Air leaks cause hot spots in the facility. These are tiny air openings wherein air can pass through. Not only will it undermine your heat rejection, but it will also cause dirt, debris, and moisture that are environmental factors affecting your IT lifespan. Cable openings or conduit entry points are often the pathways for air leaks. It is vital to take note of these sources and initiate proper sealing actions.

  • Equipment Layout

Arranging equipment should account for the thermal accumulation in the facility. There is also other IT equipment that requires a particular location. The likes of VFD will need a clear space below to allow air intake.  Mounting them in heat-producing equipment is dangerous. Heat generation is a crucial indicator in equipment arrangement. In theory, heat-generating equipment should not be close together. Server racks also require air pathways for better airflow. 

  • Limiting External Heat Sources

Total heat load is affected by additional heat sources, more often external. The electrical enclosure should be shaded and installed in a cool, dry place. Exposure to the sun will aggravate heat loads.  

Optimization Through Monitoring

Controls are best adjusted and maintained with regular monitoring. In the case of cooling optimization in a data center, these controls are easily checked through monitoring solutions. 

AKCP Wireless Tunnel System

rack+ data center monitoring

AKCP Monitoring Rack+

Datacenter monitoring is streamlined through wireless sensors from AKCP. It is designed for rapid deployment, easy install that provides long-range, high penetration sensor communication. AKCP can also tune the network for specific use cases and end-user requirements. AKCP wireless technology can offer the following features for an end-to-end monitoring relay:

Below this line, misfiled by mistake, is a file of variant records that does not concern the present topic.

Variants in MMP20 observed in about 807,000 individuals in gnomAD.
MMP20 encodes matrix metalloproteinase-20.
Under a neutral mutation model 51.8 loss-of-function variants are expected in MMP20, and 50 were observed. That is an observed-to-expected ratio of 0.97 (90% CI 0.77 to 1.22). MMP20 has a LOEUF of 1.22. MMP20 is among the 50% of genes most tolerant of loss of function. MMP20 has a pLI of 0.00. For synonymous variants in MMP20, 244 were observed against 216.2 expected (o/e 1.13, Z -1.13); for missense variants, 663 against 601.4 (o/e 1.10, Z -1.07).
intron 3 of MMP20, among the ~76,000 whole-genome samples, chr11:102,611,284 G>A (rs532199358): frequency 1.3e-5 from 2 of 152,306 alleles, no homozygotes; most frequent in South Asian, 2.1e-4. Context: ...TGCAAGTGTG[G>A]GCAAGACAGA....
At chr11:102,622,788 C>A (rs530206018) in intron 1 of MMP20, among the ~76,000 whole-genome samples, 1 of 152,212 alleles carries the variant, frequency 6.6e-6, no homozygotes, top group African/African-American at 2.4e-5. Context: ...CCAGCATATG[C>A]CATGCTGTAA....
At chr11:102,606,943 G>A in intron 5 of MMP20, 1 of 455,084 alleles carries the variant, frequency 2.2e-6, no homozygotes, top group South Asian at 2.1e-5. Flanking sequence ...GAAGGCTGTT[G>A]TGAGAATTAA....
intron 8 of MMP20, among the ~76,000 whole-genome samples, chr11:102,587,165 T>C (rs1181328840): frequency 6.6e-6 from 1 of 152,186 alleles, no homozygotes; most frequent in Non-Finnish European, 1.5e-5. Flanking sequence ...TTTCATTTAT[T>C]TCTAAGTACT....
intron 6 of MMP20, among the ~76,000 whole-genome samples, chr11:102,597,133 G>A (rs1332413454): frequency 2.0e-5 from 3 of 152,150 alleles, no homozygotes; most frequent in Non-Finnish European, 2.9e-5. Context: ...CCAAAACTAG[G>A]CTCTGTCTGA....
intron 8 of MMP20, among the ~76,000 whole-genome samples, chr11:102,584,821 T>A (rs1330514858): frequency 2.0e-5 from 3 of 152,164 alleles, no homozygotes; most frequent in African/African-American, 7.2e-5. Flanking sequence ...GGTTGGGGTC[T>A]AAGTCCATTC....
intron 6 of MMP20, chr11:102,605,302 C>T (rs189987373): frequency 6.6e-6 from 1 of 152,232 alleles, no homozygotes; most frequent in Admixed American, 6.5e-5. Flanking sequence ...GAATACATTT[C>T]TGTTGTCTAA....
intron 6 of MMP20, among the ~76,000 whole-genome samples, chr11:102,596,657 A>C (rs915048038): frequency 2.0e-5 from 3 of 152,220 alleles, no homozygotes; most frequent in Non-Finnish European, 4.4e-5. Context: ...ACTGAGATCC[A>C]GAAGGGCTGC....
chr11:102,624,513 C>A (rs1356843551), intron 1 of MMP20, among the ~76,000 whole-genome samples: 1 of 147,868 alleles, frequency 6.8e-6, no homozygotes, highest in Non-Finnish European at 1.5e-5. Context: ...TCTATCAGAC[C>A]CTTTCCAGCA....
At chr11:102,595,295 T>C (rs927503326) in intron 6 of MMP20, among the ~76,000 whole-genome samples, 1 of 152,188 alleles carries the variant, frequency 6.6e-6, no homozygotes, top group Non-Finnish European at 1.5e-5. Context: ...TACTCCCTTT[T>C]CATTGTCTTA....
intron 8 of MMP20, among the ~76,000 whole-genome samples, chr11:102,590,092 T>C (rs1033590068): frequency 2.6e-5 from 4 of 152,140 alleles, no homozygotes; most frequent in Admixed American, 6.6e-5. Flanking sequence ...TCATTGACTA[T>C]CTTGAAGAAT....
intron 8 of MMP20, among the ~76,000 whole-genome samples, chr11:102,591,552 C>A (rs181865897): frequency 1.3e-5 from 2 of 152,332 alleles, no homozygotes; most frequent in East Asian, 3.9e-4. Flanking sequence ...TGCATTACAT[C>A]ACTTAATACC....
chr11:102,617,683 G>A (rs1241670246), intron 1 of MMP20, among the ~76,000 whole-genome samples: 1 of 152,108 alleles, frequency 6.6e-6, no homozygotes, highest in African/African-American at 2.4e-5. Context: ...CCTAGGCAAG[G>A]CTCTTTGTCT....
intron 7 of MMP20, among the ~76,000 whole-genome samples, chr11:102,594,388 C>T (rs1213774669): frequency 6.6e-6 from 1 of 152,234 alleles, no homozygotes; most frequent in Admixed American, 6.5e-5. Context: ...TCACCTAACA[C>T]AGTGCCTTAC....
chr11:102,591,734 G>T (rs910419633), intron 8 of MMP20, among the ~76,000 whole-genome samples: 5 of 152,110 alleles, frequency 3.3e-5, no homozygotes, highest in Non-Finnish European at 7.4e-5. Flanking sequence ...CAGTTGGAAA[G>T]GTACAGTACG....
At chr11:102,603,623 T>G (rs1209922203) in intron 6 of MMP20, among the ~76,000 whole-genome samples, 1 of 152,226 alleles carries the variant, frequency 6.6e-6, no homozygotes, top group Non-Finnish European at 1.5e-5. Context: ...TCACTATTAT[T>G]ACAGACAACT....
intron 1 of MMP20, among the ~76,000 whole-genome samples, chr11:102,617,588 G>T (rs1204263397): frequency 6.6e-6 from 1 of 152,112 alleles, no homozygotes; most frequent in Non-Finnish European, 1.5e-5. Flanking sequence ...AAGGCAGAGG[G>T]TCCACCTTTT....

• Message Acknowledgment
  • Instant Threshold Broadcasting
  • Bandwidth Utilization

AKCP Rack+ Data Center Sensors

One specific technology that can address data center needs is intelligent solutions for computer cabinets. This feature allows the installation of any AKCP sensors to your cabinet to build an intelligent rack solution. Connected to sensorProbe+ base unit, it has comprehensive monitoring output such as:

  • Thermal Mapping
  • Differential Pressure
  • Current/Power

As a whole, AKCP’s data center monitoring allows an end-to-end check for better data center uptime. Specifically, the monitoring checks are the best reference for cooling optimization. 

Generating Efficiency Gains From Cooling Optimization

The cooling system consumes energy by 37% – 40% in a data center operation. While there are several strategies to employ to save energy, optimization focuses on efficiency as a whole. This is why the readjustment of controls is integral in its process. What better way to adjust and sustain sound system controls than a thorough monitoring plan?

Cooling optimization is an iterative process. So is monitoring. Both go hand in hand to better a data center’s operational value. Every significant data center change is an opportunity to refine cooling optimization. It is also an opportunity to establish the best control threshold. In this way, efficiency gains will just be a regular part of the trade. 

Reference Links:

https://www.youtube.com/watch?v=iMkk5UTtu_c

https://thermal-edge.com/6-ways-to-optimize-your-cooling-design/

https://edge.siriuscom.com/infrastructure-operations/5-steps-to-optimizing-your-data-center-cooling

Mukaffi, A. I., Arief, R. F., Hendradjit, W., & Romadhon, R. (2017). Optimization of Cooling System for Data Center (Vol. 170 ( 2017 ), pp. 552-557, Rep.).

 

Patrick FamisaranCooling Optimization as Key to Data Center Efficiency